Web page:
Siding ideas for mid century modern that's been "updated"?
We recently purchased a 1950's architect designed MCM house in central New York that is largely original on the interior, but has received some serious updates on the exterior. The original siding was vertical 1x3 wood -- I'm guessing it was natural, but it has been painted white for quite a while. At some point the flat roof and the upstate winters motivated the previous owners to add a peaked roof to the main house and garage. Hard to throw too much shame and blame on them as the winters here can be brutal. There are signs of previous water damage on the ceilings, but the new roof seems to have solved the leaking. They did follow the original angle of the old roof over the vaulted living room, so some of the original lines have survived. They also kept the original window sizes and the front door is still the wavy glass from the period. However, they used narrow horizontal vinyl siding to fill the new spaces, which looks really odd to us. The old wood siding is looking pretty rough, so we would like to have the place resided.
If we had an unlimited budget we'd tear off the peaked roof, do new hi-tech flat roof and use new vertical wood siding everywhere. However, that seems well beyond our budget, especially since the house will also need a new kitchen and two new baths ASAP.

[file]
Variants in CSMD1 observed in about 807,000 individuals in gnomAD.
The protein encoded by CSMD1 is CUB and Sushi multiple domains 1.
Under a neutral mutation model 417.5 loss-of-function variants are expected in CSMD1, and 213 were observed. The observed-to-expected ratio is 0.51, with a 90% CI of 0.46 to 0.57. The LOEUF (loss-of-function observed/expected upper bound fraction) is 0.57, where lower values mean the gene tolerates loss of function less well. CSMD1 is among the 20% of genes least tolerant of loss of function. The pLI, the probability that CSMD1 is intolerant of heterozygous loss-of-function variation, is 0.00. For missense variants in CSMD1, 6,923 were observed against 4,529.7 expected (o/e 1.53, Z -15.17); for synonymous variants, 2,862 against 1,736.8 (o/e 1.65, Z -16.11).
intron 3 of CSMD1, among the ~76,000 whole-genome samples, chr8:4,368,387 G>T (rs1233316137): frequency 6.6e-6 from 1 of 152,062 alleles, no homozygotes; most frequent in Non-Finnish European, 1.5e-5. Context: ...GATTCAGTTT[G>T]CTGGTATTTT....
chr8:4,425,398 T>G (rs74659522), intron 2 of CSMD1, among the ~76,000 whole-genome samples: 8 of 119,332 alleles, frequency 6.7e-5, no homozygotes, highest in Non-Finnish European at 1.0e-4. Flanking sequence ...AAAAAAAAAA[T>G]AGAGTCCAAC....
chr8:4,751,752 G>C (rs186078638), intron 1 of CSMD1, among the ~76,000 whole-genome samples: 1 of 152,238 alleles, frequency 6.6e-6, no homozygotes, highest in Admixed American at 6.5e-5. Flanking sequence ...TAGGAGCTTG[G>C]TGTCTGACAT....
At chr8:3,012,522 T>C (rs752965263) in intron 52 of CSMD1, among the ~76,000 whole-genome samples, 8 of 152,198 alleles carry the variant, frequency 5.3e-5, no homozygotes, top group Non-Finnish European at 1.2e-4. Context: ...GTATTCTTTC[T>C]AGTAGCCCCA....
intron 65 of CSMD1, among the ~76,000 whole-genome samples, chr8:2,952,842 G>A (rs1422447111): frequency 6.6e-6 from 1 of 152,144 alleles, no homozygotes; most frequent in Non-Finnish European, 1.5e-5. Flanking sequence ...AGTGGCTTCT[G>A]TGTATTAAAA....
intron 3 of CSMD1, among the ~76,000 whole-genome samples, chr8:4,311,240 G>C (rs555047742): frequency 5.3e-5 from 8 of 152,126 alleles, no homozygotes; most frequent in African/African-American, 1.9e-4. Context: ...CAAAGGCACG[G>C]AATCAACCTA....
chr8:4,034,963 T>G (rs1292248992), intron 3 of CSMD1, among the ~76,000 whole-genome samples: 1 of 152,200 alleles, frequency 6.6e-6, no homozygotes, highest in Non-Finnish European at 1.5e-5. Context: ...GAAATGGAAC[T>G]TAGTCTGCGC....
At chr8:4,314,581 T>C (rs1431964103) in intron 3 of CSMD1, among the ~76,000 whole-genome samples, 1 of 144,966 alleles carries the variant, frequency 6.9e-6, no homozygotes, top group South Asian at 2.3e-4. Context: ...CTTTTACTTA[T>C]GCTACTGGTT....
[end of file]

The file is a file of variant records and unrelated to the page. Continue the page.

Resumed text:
Looking for suggestions on how to work with the hand we've been dealt. Horizontal siding strikes us as wrong for the long front elevation, so we're leaning towards vertical. Many of the MCM's in the area have board and batten in greens, blues, and browns. Are there other profiles we should consider? Are we wrong that white seems totally inappropriate, and would not have been the original color? (At least it looks a bit better now that we've removed the yellow shutters!)
We are currently leaning towards a vinyl board and batten in sage green with the front door painted in an orange for a pop of color, but would appreciate hearing any and all ideas.
We are wanting to get some contractors in to look at the project, but we want to have a better sense of the direction we want to take the design before we do. Thanks for any wisdom and opinions you have to share!
Current state of affairs with roof addition.
Architect's original elevation drawing: